More than a third of American women are now their family breadwinner. Women with college degrees far outnumber their male counterparts in the workforce. And surveys reveal that around 90 percent of women identify themselves as the primary bill-payer and budget-maker for their household. But despite all of this, women continue to lag behind in investing and long-term financial planning.
So what gives?
According to a report in The Wall Street Journal, women may differ from men in how they relate to investing. "Investing is not a hobby or sport for women," Karin A. Risi, principal at the Vanguard Group's Asset Management & Advice Services division, told the Journal. "But because financial services have long been male dominated -- and because men respond to it that way -- much of our industry treats it that way."
Risi also says that, rather than thinking of investment portfolios in terms of comparative performance, women relate more concretely to how their investments will help them achieve long-term financial goals, like saving for a college fund or preparing for retirement. And because women tend to be more goal-oriented in their financial strategy, Risi has found that "in general women, more than men, are disciplined thinkers, good long-term planners."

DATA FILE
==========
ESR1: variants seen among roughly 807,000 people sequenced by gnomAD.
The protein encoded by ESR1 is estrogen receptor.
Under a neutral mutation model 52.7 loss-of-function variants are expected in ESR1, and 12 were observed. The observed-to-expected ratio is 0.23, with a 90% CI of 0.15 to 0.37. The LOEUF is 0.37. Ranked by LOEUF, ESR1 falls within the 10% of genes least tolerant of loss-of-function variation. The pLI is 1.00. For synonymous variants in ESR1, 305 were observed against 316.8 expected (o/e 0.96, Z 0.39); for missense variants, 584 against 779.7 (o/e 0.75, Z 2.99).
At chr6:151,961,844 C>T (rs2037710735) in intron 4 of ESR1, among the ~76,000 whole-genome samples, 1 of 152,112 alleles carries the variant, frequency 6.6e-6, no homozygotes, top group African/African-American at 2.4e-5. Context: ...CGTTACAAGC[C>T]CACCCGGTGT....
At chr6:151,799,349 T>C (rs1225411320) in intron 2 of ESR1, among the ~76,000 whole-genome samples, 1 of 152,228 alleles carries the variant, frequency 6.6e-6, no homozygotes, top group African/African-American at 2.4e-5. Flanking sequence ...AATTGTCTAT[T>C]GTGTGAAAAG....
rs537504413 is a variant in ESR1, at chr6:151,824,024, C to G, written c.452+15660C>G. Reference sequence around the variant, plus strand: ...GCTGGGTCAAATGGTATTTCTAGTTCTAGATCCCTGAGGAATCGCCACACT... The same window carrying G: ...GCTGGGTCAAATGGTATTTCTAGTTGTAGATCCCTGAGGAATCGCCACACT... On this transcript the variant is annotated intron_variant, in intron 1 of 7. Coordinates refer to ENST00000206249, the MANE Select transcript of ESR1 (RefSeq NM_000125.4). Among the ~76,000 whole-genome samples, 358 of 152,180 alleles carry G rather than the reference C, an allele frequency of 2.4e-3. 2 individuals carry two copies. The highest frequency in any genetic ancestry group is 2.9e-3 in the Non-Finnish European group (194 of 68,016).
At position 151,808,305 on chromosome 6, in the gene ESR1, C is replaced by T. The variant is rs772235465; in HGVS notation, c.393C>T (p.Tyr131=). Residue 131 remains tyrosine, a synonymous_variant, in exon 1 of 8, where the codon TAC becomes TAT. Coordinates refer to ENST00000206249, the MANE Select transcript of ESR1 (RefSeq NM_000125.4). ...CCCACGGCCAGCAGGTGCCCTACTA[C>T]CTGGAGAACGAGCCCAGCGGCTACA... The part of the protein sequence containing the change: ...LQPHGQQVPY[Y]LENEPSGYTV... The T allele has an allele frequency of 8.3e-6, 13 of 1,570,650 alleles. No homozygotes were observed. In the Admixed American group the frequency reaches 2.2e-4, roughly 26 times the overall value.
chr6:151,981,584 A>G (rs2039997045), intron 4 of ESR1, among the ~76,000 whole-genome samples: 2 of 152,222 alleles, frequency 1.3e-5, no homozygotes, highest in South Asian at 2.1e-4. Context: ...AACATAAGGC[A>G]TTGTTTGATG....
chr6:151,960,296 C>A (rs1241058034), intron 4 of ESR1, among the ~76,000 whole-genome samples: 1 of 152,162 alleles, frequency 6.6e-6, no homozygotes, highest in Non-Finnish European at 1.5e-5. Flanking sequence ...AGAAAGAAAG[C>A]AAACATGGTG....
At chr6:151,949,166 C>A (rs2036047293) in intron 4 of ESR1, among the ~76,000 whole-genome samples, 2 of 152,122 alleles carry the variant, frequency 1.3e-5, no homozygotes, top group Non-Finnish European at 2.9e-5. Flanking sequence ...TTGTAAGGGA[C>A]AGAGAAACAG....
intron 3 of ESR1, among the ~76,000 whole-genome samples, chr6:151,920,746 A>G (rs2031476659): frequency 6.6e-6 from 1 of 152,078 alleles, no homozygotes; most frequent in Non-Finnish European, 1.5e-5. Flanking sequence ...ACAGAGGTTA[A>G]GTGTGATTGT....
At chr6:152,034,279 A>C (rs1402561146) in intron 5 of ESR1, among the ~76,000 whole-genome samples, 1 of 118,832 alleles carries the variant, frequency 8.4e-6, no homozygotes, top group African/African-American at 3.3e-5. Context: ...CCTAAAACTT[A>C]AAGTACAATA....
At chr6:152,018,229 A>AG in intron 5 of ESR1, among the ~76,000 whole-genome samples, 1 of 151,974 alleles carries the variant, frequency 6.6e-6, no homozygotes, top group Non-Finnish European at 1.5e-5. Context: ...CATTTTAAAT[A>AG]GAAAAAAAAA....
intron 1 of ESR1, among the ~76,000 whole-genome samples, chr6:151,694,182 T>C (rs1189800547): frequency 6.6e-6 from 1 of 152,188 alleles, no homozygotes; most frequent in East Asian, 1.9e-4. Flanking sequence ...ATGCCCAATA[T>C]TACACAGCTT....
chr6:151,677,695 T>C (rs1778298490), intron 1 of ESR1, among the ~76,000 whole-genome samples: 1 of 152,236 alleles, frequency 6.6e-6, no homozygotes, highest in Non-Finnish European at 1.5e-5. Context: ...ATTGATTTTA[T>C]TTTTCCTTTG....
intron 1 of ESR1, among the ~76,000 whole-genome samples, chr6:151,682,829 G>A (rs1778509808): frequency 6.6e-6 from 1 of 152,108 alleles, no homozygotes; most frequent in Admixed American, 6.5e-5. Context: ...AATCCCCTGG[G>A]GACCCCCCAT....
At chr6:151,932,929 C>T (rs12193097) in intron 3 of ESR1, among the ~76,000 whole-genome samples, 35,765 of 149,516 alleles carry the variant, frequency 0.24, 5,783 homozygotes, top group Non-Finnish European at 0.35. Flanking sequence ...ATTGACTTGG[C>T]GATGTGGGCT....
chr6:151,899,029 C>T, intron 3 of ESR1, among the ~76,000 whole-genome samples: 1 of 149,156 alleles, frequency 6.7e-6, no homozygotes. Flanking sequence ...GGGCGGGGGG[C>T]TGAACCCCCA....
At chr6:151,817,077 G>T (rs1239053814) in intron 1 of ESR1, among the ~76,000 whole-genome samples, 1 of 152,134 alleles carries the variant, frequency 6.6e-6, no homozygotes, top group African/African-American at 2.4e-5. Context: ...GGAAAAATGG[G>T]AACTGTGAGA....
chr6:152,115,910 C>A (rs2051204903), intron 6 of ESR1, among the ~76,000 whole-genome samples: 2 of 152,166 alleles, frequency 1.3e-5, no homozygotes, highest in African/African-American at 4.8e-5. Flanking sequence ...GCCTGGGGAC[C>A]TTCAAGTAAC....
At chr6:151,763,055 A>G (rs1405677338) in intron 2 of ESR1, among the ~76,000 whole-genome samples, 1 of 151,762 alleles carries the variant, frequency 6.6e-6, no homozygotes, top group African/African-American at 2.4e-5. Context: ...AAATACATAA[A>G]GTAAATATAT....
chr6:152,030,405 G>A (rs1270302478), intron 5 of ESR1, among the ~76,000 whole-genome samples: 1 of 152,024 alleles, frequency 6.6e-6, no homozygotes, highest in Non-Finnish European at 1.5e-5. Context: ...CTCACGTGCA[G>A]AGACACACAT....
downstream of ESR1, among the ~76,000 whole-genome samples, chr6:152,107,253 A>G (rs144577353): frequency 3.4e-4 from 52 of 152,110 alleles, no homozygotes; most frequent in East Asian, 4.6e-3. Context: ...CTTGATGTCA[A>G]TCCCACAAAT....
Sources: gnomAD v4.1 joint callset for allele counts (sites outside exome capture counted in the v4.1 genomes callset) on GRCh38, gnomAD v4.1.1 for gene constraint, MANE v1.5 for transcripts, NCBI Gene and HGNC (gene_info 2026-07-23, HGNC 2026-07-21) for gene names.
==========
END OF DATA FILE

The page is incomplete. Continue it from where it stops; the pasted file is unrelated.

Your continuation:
And according to an index from the firm Rothstein Kass, female hedge fund managers produced a return of nearly 9 percent through the third quarter of 2012, while men topped off around 3 percent in the same time frame, according to the HFRX Global Hedge Fund Index.
So, paradoxically, women are good investors who just don't invest.
But it's not a hardwired gap -- many women are less confident building an investment portfolio because they were historically excluded from such decisions. "We’re fighting against centuries of societal norms in which women were excluded from discussions about finances," Amanda Steinberg, the CEO and founder of a women’s personal-finance online community, told Time Magazine. "Many women think that since they don’t know the language, they can’t ask questions -- or they worry that their questions sound dumb," added Eileen O’Connor, the vice president of wealth management for McLean Asset Management Corporation.
But that's changing as financial service groups -- eager to make a buck off a growing number of female investors -- are shifting strategies to accomodate what they see as women's unique planning needs. "Companies which encourages clients to make investments based on social trends and themes, or Betterment, which keeps clients on track with meeting their goals, are reaching out to women by focusing on their personal interests and long-term goals," according to the Journal.
The other tip for increasing women's investment confidence? As they say: Knowledge is power. Even small steps like reviewing financial statements on a monthly basis and scanning investment websites can go a long way toward demystifying long-term financial planning and help you build your investment portfolio, experts say.